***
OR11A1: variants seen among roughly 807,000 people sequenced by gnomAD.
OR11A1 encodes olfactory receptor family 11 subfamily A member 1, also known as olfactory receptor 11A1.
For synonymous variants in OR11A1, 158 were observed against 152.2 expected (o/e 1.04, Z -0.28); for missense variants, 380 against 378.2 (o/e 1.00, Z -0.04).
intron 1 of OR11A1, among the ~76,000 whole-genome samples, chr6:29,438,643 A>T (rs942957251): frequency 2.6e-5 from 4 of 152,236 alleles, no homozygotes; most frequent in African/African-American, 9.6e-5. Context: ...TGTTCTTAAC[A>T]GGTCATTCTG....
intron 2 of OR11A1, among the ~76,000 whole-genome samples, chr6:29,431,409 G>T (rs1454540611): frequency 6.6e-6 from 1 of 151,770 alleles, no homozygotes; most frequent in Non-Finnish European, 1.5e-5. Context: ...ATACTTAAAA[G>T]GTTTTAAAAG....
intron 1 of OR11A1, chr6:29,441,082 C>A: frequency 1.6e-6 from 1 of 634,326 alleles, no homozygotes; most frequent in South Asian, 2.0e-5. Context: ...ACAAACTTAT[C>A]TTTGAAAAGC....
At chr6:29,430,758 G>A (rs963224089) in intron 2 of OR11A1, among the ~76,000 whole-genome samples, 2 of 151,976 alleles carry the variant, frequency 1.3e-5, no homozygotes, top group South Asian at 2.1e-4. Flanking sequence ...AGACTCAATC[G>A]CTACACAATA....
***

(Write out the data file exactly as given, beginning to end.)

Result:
OR11A1: variants seen among roughly 807,000 people sequenced by gnomAD.
OR11A1 encodes olfactory receptor family 11 subfamily A member 1, also known as olfactory receptor 11A1.
For synonymous variants in OR11A1, 158 were observed against 152.2 expected (o/e 1.04, Z -0.28); for missense variants, 380 against 378.2 (o/e 1.00, Z -0.04).
intron 1 of OR11A1, among the ~76,000 whole-genome samples, chr6:29,438,643 A>T (rs942957251): frequency 2.6e-5 from 4 of 152,236 alleles, no homozygotes; most frequent in African/African-American, 9.6e-5. Context: ...TGTTCTTAAC[A>T]GGTCATTCTG....
intron 2 of OR11A1, among the ~76,000 whole-genome samples, chr6:29,431,409 G>T (rs1454540611): frequency 6.6e-6 from 1 of 151,770 alleles, no homozygotes; most frequent in Non-Finnish European, 1.5e-5. Context: ...ATACTTAAAA[G>T]GTTTTAAAAG....
intron 1 of OR11A1, chr6:29,441,082 C>A: frequency 1.6e-6 from 1 of 634,326 alleles, no homozygotes; most frequent in South Asian, 2.0e-5. Context: ...ACAAACTTAT[C>A]TTTGAAAAGC....
At chr6:29,430,758 G>A (rs963224089) in intron 2 of OR11A1, among the ~76,000 whole-genome samples, 2 of 151,976 alleles carry the variant, frequency 1.3e-5, no homozygotes, top group South Asian at 2.1e-4. Flanking sequence ...AGACTCAATC[G>A]CTACACAATA....